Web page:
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Published:May 3rd, 2006 06:49 EST
White House Report: Afghanistan; Costa Rica; Flu Plan; Darfur

White House Report: Afghanistan; Costa Rica; Flu Plan; Darfur

By SOP newswire

President Bush spoke with President Hamid Karzai of Afghanistan and congratulated him on the approval of his Cabinet by the National Assembly, White House press secretary Scott McClellan told reporters May 2.  The new Cabinet members were sworn in May 2.

The two leaders also discussed the security situation in Afghanistan, lauding the outstanding performance of Canadian troops deployed in the south and looking forward to NATO deployments of British and Dutch troops that will occur over the summer.  They also discussed the increased efforts of Afghani police forces in the south.

Karzai and Bush addressed the importance of counternarcotics efforts and praised the political and economic progress achieved in Afghanistan. They also spoke about ongoing cooperation with Pakistan, McClellan said.


President Bush announced members of the presidential delegation to attend the inauguration of ├ôscar Arias S├ínchez, as president of Costa Rica.  The delegation will travel to San José, Costa Rica, for the event on May 8.

First lady Laura Bush will lead the delegation, accompanied by Mark Langdale, U.S. ambassador to Costa Rica.


The president will release America's pandemic influenza preparedness report on May 3.  This report will serve as a road map for how to implement strategies outlined in the November 2005 National Strategy for Pandemic Influenza.  (See related article.)

Congress appropriated $3.8 billion of the president's November 2005 $7 billion request for pandemic influenza planning preparation.  (See related article.)

The plan to be released on May 3 will turn principles from the November 2005 national strategy into actions in all federal departments and agencies, McClellan said. It will outline concrete steps for both government and nongovernment groups and operations.


President Bush intends to nominate Dawn M. Liberi to be U.S. ambassador to the Islamic Republic of Mauritania.  A career member of the Senior Foreign Service, Liberi currently serves as mission director at the United States Agency for International Development (USAID) in Iraq.  She directed USAID missions in Nigeria and Uganda and also served as USAID associate assistant administrator in the Global Bureau, Population, Heath, and Nutrition office.

Bush also intends to nominate William B. Taylor Jr. as U.S. ambassador to Ukraine.  Taylor, a career member of the Senior Executive Service, currently serves as senior consultant to the Coordinator of Reconstruction and Stabilization at the Department of State.  Prior to this, he served as the United States representative to the Quartet's Special Envoy for Disengagement in Jerusalem.  He also served as director of the Iraq Reconstruction Management Office in Baghdad, Iraq, and in Kabul, Afghanistan, coordinating international assistance.  Taylor received his bachelor's degree from the United States Military Academy at West Point and his master's degree from Harvard University.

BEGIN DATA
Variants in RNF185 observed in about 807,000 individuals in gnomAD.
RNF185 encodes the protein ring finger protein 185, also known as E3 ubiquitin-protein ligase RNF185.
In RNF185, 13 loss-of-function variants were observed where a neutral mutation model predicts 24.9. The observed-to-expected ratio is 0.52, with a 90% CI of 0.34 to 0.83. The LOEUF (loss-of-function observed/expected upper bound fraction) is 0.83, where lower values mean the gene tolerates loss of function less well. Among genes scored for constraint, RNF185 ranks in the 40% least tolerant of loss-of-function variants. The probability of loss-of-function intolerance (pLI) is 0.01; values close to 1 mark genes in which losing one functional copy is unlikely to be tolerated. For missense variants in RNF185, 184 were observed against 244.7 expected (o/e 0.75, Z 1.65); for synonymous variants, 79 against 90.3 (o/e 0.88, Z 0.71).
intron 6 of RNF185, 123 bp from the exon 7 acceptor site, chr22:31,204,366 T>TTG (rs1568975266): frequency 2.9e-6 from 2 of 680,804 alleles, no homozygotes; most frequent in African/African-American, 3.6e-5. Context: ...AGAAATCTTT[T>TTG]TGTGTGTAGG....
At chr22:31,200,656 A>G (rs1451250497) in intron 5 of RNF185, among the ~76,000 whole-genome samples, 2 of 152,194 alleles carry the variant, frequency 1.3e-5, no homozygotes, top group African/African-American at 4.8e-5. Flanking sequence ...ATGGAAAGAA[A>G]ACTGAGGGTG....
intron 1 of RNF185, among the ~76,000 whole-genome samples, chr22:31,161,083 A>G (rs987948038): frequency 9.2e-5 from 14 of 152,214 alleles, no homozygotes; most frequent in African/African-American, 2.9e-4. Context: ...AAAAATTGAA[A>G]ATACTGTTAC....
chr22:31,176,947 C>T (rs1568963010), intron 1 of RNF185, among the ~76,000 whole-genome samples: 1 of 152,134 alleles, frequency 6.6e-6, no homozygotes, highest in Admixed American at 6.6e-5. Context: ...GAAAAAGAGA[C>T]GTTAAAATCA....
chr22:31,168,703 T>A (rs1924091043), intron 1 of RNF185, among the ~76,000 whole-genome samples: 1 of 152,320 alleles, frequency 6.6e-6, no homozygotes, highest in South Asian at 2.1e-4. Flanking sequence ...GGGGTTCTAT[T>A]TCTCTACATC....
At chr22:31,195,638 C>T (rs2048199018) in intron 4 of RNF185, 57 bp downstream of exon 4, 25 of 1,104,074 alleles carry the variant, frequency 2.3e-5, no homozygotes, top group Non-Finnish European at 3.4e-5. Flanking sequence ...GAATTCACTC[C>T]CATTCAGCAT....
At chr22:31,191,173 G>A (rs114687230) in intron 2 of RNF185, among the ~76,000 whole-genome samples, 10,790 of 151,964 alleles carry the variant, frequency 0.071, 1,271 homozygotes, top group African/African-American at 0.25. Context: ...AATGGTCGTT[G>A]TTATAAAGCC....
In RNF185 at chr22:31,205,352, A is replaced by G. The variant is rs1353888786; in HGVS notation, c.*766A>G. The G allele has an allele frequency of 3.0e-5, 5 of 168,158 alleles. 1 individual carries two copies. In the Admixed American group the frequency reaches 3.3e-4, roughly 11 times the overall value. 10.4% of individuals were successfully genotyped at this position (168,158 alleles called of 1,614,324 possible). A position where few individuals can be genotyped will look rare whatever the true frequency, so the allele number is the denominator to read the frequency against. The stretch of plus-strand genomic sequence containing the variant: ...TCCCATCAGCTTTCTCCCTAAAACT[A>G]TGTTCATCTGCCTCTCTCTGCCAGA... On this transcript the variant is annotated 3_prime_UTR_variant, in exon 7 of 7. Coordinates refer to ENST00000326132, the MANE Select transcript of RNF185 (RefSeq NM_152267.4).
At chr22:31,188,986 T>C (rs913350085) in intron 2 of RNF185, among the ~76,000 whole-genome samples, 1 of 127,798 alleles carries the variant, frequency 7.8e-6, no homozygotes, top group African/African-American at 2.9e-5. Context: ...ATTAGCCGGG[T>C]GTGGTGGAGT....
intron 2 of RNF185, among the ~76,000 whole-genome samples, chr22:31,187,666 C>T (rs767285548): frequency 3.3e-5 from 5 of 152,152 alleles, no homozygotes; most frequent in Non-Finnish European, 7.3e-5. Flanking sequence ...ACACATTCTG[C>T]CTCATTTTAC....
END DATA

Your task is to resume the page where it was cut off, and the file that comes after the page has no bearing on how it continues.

The president also intends to nominate Michael Wood to be U.S. ambassador to Sweden.  Wood currently serves as chairman of Redwood Investments LLC, a company he founded in 2005.  Prior to this, he was chief executive officer of Hanley Wood LLC, a company he co-founded in 1976.  Wood received his bachelor's degree from Yale University.

The nominations must be reviewed and approved by the U.S. Senate.


The United States is acting "on multiple fronts" to reverse the deteriorating situation in the Darfur region of Sudan, said press secretary McClellan.  President Bush called Sudanese President Omar al-Bashir on May 1 to emphasize the importance of peace in Darfur.

In the phone call, Bush encouraged al-Bashir to send Sudanese Vice President Ali Tahal back to Abuja, Nigeria, for peace negotiations. U.S. Deputy Secretary of State Robert Zoellick currently is attending the Abuja talks to help advance the peace process.  (See related article.)

Bush hopes that the negotiations will reach a formal peace agreement, which involves integrating and disarming the Sudanese militias, said McClellan.  Northern and southern Sudanese military units need to join forces, he said.

The president also hopes that the peacekeeping mission currently run by the African Union can be turned into a "blue-hatted" mission directed by the United Nations and logistically supported by NATO.  McClellan said NATO currently supports the African Union peacekeeping mission through communications technology and air lifts.

For additional information, see Darfur Humanitarian Emergency.